"This wide-ranging and innovative collection of essays presents the distinct features of the interwar period in Jewish history throughout the world. Using the year 1929 as a focal point, the volume's essays depict the transition from the tumultuous, yet often hopeful, 1920s to the dire straits of the 1930s. This is a splendid overview of the demographic, political and cultural ferment of the era."
—Derek Penslar, University of Oxford and University of Toronto
"The rare edited volume that is, without exception, consistently first-rate. Taking as its cue a crucial, but surprisingly sparsely explored moment, 1929 opens up a veritable treasure-chest of knowledge and insight into the diplomatic, spatial, cultural, political, and communal history of contemporary Jews. A true gem of a book."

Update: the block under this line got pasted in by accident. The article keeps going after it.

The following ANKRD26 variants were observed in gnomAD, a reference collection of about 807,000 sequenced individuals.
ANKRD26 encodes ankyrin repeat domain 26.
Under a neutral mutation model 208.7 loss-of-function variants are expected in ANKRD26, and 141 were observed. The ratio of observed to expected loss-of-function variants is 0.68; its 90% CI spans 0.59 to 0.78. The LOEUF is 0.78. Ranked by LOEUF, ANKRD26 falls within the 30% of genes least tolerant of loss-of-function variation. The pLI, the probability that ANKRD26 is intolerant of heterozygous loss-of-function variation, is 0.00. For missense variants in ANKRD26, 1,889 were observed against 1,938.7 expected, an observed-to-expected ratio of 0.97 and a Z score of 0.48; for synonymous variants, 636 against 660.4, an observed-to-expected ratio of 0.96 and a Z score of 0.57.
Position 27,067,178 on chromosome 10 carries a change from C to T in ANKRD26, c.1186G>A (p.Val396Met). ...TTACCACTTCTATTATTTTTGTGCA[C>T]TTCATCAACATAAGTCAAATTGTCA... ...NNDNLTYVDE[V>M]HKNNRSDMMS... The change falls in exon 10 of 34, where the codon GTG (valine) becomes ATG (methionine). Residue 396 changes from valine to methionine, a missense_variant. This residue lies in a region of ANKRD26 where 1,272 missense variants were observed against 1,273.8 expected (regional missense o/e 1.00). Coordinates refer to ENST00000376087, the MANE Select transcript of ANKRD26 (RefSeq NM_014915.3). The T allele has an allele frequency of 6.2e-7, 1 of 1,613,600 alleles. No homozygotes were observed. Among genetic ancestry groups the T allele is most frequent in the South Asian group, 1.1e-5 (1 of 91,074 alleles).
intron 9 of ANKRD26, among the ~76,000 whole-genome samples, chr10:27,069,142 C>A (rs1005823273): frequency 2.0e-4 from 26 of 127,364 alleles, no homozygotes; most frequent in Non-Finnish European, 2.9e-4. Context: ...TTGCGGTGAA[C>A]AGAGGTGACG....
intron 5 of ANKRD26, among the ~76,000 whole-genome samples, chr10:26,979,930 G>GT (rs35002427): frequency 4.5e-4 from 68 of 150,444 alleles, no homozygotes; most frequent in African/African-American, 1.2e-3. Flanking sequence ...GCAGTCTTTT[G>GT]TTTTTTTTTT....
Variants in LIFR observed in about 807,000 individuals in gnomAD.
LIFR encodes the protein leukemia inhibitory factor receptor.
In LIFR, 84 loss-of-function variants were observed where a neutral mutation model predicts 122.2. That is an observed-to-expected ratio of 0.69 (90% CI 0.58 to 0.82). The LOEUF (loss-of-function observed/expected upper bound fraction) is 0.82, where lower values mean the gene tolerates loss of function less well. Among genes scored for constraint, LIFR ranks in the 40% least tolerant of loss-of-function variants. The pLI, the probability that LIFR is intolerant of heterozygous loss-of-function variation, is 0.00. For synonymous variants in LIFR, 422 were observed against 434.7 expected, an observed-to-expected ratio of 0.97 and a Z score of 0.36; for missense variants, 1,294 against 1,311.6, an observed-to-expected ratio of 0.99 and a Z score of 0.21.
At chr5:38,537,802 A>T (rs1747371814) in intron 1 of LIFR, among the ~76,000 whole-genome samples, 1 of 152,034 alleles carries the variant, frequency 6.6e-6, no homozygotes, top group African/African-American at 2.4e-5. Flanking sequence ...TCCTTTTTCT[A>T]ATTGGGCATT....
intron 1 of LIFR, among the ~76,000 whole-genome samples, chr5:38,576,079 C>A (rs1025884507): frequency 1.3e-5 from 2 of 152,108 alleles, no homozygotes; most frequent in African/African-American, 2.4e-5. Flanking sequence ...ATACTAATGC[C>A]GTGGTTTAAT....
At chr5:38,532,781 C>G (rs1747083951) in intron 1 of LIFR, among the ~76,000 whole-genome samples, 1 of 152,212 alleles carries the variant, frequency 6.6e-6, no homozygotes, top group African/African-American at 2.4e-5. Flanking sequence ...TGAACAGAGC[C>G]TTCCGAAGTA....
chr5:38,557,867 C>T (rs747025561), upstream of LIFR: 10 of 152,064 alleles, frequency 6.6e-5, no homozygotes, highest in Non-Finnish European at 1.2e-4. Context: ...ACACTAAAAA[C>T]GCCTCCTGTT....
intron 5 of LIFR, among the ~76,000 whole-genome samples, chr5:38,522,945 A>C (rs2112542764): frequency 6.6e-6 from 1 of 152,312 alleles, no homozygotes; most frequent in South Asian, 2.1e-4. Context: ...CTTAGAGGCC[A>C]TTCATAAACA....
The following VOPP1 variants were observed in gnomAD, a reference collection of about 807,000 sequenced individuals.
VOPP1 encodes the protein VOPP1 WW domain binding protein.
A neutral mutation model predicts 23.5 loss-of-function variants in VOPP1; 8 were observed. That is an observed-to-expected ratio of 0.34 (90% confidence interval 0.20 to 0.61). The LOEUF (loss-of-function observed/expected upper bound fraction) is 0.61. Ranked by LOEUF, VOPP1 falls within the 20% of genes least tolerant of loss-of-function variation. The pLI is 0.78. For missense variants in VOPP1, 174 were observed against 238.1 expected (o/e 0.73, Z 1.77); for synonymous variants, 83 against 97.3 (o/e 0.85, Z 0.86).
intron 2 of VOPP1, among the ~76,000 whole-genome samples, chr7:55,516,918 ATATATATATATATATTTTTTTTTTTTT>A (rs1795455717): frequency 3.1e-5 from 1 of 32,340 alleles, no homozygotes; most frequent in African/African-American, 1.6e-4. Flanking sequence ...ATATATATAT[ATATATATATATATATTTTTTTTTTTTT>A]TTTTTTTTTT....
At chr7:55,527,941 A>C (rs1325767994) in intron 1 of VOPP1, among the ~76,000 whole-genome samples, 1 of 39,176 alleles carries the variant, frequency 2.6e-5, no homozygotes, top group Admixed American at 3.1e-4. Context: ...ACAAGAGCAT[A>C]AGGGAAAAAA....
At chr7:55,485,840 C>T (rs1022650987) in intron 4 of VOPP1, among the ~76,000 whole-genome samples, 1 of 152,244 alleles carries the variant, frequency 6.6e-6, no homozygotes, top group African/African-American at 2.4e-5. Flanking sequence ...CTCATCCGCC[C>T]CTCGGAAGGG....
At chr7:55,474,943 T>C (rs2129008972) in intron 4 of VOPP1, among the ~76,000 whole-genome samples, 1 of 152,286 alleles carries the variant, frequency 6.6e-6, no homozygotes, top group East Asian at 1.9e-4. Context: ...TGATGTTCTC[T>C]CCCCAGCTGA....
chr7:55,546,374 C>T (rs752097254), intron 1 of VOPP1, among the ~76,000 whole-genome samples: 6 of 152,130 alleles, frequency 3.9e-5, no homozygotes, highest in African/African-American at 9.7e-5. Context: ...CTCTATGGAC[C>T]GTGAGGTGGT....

—Steven J. Zipperstein, Daniel E. Koshland Professor of Jewish Culture and History, Stanford University
"Anthologies are notoriously difficult to evaluate because they are disparate. Withal, the interesting material presented in these articles more than compensates for the inability of some contributors to march under the assigned 1929 banner."
—Henry L. Feingold, The Journal of American History
"The book’s greatest success lies not only in elevating the importance of 1929 as a turning point in Jewish history, but also in problematizing the very notion of periodization. Furthermore, the collection’s focus on this particular year manages to successfully upset several paradigms dominating the study of modern Jewish history and literature. This volume will prove a welcome addition to surveys of modern Jewish history…”
—American Historical Review
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